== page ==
Melbourne to Bangkok
The Loyalty Scheme
Royal Orchid Plus, with Star Alliance compatibility
14J, Business class
There are 32 flatbed seats in a 1-2-1 configuration. The seat pitch is 44 inches (112 centimetres), with a 73.5 inch (187 centimetres) bed length, a 20 inch (51 centimetres) width and a 180-degree recline.
Up to 40 kilograms of checked luggage for economy and seven kilograms of carry-on.
It doesn't really get more comfortable than brand-spanking new business class seats on a new plane designed to ward off the effects of jetlag. There is little doubt the air quality feels fresher, the seats roomier and more comfortable than the old 777. Similarly to the Boeing 787s, LED mood lighting changes throughout the flight. The shape of the cabin has been designed to give more head and shoulder room and there's more overhead storage in business - however, there's so many spaces which to tuck small bags and electronics around your seat, I barely use the extra space.
A single purple orchid matches the purple upholstery of the seats in Thai's Royal Orchid business class, each with direct aisle access from the 1-2-1 seat configuration. The interlocking seats give window seat passengers more privacy, but the seats closer to the aisle feel roomier. Business class passengers receive a Furla toiletries bag with the usual useful, non-brand specific bits and pieces, with slippers but no pyjamas as this is a day time flight.
The beds do feel a little short to my 170-centimetre frame and the end tapers which may not leave a lot of wriggle room for larger frames.The two USB ports, a coat hanger and power point all come in handy.
The screen is a huge 16-inch LCD monitor that plays "1000s of hours" of entertainment with a dedicated Thai language section, which leaves English-speaking natives a bit short. But that's nitpicking really, as there's plenty of choice new releases such as The Big Sick and Baby Driver, plus some classics for those travelling on to Europe (The Sound Of Music definitely kills some time).The noise-cancelling headphones are great, and there's a neat camera on the bottom of the plane that allows you to watch the view from beneath, which is particularly good as the plane takes off. Wi-Fi is available, at a cost.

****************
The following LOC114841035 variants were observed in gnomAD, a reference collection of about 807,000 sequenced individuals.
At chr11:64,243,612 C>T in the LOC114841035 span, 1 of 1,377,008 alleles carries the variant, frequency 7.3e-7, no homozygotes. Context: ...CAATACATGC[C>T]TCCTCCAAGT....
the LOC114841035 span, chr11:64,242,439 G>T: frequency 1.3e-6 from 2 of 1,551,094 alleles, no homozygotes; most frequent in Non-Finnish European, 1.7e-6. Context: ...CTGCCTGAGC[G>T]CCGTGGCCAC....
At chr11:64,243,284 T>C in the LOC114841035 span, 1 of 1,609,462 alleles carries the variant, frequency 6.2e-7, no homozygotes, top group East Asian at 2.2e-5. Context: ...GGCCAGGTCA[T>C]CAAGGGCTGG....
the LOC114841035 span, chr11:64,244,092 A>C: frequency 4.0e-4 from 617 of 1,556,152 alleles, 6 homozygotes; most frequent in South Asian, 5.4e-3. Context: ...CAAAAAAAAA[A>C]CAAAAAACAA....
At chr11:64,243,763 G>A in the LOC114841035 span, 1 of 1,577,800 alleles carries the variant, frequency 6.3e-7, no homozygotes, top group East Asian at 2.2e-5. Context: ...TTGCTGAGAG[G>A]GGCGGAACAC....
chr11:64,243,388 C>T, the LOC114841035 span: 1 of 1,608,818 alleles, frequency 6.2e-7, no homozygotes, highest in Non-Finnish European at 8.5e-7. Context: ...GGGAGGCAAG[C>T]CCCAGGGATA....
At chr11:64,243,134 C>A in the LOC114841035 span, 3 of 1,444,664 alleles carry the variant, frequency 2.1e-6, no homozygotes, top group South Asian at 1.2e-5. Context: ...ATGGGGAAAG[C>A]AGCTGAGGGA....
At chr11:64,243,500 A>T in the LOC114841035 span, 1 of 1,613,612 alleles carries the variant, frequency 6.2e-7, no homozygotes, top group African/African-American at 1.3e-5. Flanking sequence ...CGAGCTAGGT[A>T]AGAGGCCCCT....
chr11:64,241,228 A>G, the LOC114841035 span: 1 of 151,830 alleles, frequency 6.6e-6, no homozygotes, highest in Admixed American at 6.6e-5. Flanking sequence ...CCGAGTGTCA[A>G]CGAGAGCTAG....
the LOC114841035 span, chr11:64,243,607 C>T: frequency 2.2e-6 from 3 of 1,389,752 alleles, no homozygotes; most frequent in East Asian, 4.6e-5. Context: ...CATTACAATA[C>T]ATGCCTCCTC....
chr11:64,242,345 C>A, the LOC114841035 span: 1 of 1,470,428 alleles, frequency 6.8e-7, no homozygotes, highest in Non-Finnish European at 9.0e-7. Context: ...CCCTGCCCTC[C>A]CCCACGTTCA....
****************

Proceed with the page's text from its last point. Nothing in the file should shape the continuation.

It's tough to criticise warm and friendly service from the land of smiles, but it was a little on the scarce side for business class. There's none between the first course of the meal and the glass of champagne when you're welcomed aboard, and the rose I'd requested with dinner does not arrive. It turns out they'd run dry, and, a French chardonnay from Burgundy, France arrives by the time dessert arrives, a little too late. After dinner the service disappears much like in economy – although it's super prompt when summoned.
Unique to Thai's business class is the "Samrab" – which is a selection of small dishes representing Thai cuisine. On this flight, the dishes included a beef salad, stir-fried eggplant with chilli and basil and a prawn curry, which was the standout dish. While you'd be mad not to go for the Thai spread, it does not cater for vegetarians, and according to the menu on this particular flight, neither does the Western menu, which includes a choice of pork or a barramundi. Just before landing in the evening passengers are served another meal from the "All day dine" menu, which included boiled rice with sea bass, pineapple fried rice with chicken or a beef steak sandwich, which were all pretty standard. If I were heading straight into Bangkok, I'd save my appetite for something better.
One More Thing
The A350 is Thai Airways gateway flight to Europe, which means a significant five-hour layover in Bangkok Airport on my route to Vienna. Once you've had your one massage business class passengers are entitled to, that leaves a lot of time to kill, and no great lounges in which to do it. There are many lounges to utilise, but it's quantity over quality. Time would be better spent laying over in Bangkok for a night.
Travelling business class leaves very little to complain about; however, Thai need to pick up their game when it comes to service, although on my subsequent hop to Europe aboard the same plane with a different crew it was improved. Tall people may have trouble getting comfortable in those tapering lie-flat beds.
The writer was a guest of Thai Airways